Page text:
02/14/09 10:15 AM EST
Rose critical of A-Rod's cheating
Although upset, all-time hit leader will support Yanks slugger
By Ed Eagle / MLB.com
Pete Rose, who was given a lifetime ban from baseball for betting on the game while managing the Cincinnati Reds in the 1980s, said during an interview on WFAN radio in New York on Friday that Rodriguez was experienced enough to know better than to take a banned substance when the slugger signed with the Rangers before the 2001 season.
"He wasn't a young kid not knowing what he was doing," Rose said of Rodriguez, who had spent seven years in Seattle before joining Texas.
Rose also doesn't believe pressure to live up to a landmark $252 million contract was a valid reason for Rodriguez to turn to performance-enhancing drugs.
"When I became a Philadelphia Phillie for the '79 season, I signed a contract that made me the highest paid player in any team sport," Rose said. "I didn't go to Philly with the pressure to hit .360 or .370. The only pressure you have is an obligation to the fans to play hard and bust your chops."
During an interview with ESPN earlier this week, Rodriguez said that he "felt an enormous amount of pressure" when he signed with the Rangers, adding, "I was young, I was stupid, I was naive. I wanted to prove to everyone that I was worth being one of the greatest players of all-time."
Rose told WIP radio in Philadelphia on Thursday that he also didn't believe Rodriguez was unaware of what substances he was guilty of using, or that Rodriguez quit using performance-enhancing drugs after 2003.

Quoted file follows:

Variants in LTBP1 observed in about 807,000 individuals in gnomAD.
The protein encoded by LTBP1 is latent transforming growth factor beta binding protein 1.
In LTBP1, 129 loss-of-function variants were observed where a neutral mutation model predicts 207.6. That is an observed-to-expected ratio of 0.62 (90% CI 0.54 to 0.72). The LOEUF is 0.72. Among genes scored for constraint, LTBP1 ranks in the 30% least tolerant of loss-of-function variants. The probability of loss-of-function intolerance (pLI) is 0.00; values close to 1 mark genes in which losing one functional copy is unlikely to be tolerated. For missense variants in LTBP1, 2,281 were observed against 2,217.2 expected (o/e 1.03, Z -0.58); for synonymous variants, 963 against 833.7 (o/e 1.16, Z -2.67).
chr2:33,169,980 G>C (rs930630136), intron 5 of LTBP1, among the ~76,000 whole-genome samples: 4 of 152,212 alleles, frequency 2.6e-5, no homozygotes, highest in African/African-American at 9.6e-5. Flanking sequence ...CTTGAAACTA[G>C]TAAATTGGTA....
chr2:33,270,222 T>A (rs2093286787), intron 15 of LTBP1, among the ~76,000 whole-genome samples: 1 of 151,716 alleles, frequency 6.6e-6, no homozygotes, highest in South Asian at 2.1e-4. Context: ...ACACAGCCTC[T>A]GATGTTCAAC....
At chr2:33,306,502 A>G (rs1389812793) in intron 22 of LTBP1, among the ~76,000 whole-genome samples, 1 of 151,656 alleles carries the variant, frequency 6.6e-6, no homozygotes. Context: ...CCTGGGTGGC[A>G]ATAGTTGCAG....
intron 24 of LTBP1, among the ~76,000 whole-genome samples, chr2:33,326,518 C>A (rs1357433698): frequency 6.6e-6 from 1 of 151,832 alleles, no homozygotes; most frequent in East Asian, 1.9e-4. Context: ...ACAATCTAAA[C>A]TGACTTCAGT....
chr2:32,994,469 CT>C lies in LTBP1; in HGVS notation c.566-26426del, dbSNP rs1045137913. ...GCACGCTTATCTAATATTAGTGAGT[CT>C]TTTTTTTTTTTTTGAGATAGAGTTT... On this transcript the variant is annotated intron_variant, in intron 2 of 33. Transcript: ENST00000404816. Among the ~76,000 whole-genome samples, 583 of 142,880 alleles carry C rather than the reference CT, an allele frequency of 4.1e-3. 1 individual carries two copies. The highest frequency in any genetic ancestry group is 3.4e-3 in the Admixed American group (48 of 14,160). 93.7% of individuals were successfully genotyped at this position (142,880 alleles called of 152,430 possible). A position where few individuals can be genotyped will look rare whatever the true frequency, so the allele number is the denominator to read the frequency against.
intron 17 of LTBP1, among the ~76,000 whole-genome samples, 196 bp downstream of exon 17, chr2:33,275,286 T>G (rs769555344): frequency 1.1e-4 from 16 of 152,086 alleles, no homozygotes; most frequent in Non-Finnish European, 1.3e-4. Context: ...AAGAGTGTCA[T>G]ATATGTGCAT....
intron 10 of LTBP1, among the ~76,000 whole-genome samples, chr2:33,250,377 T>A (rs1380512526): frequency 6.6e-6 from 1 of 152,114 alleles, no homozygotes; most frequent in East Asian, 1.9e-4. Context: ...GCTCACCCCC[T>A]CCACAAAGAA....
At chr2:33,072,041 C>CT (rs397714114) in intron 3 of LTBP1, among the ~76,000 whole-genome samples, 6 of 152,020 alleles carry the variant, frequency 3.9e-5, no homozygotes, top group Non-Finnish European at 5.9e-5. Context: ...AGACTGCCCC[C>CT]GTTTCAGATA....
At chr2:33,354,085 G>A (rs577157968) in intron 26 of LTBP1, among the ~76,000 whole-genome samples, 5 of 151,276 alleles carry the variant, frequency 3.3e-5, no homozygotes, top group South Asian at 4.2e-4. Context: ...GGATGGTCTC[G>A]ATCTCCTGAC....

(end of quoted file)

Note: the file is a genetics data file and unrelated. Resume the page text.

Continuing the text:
"If you're A-Rod and you're using from 2001 to 2003 and you hit 52 home runs a year, aren't you thinking about using it in 2004?" Rose said. "With that kind of success, are you going to say, 'I don't need this anymore?' I don't know how it works. I don't know the mind-set of a guy that does that."
While Rose said he exchanges text messages with Rodriguez, and that he will continue to "be a supporter of A-Rod," he's upset by what he perceives as a double-standard between himself and those who have used performance-enhancing drugs.
"I got caught, and I made a terrible mistake," Rose told WFAN. "Guys that are caught [using performance enhancing drugs], nothing happens to them [In terms of punishment by the game unless they did so after 2003]."
As for the media whirlwind that has surrounded Rodriguez over the past week, Rose advised the Yankees slugger to "forget about it, don't talk about it, just go out and play baseball. ... If you have a great season in the new Yankee Stadium, everyone will forget about it."
Rose is holding out hope that his ban from the Hall of Fame will be lifted and he'll be given a "second chance." He doesn't believe that those stars whose names have been connected with performance-enhancing drugs should be kept out of Cooperstown.
"If you're talking about [Barry] Bonds, I'd vote for him," Rose said. "If you're talking about [Roger]Clemens, I'd vote for him. If you're talking about [Rafael] Palmeiro, I'd vote for him."
Ed Eagle is a reporter for MLB.com. This story was not subject to the approval of Major League Baseball or its clubs.